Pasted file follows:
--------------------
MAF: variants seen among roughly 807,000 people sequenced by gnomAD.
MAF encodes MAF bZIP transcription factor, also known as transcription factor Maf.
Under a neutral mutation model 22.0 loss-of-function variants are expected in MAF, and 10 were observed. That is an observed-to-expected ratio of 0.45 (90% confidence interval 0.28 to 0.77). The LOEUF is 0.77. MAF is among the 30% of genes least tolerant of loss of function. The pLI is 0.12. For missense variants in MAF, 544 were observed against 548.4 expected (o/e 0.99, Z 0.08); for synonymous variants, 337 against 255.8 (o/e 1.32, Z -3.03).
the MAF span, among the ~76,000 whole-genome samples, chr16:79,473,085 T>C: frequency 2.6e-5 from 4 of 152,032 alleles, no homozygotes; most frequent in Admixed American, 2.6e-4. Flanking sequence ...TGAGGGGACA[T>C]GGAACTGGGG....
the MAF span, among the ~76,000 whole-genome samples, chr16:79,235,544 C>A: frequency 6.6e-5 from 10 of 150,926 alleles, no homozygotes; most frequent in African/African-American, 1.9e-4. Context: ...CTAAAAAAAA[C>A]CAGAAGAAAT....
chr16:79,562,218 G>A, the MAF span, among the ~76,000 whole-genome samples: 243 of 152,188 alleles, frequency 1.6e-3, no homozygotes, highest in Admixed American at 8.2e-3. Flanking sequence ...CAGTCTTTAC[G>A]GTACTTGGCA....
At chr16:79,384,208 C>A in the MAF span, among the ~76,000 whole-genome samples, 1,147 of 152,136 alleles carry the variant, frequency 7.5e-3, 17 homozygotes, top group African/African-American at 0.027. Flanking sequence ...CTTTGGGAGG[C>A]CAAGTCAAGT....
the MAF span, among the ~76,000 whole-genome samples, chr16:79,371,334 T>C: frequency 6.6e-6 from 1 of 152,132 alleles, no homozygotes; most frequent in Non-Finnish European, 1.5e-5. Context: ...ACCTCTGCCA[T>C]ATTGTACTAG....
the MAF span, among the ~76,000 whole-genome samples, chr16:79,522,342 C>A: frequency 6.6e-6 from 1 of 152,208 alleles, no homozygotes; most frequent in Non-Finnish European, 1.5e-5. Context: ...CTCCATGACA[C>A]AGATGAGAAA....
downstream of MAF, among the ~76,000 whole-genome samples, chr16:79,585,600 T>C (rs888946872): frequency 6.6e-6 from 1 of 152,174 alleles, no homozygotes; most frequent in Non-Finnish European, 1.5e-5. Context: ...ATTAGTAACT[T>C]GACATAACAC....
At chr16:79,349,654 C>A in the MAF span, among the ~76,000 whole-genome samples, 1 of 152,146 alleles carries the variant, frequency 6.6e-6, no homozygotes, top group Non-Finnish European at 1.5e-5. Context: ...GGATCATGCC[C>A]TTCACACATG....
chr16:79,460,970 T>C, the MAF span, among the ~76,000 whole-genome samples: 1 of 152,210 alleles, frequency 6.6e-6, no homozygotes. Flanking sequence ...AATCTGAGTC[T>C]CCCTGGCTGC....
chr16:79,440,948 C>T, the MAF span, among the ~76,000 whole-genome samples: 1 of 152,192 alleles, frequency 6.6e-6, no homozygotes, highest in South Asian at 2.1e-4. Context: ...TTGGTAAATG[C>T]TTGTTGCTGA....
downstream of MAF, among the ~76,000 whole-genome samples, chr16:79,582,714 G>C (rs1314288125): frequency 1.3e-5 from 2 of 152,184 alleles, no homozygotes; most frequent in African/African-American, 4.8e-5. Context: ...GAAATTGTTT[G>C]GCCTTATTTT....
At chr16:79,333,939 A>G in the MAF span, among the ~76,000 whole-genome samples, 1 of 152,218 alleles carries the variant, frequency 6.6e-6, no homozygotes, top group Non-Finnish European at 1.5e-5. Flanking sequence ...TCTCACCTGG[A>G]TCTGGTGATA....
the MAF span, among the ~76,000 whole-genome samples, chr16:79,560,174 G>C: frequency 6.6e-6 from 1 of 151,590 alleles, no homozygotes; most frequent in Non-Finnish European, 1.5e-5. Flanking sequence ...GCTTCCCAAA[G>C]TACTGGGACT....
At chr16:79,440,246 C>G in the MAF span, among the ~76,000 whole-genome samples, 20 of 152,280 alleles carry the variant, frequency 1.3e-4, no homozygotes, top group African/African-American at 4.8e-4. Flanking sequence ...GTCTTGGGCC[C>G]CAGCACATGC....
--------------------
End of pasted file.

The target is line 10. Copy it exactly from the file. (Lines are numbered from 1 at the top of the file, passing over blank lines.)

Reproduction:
downstream of MAF, among the ~76,000 whole-genome samples, chr16:79,585,600 T>C (rs888946872): frequency 6.6e-6 from 1 of 152,174 alleles, no homozygotes; most frequent in Non-Finnish European, 1.5e-5. Context: ...ATTAGTAACT[T>C]GACATAACAC....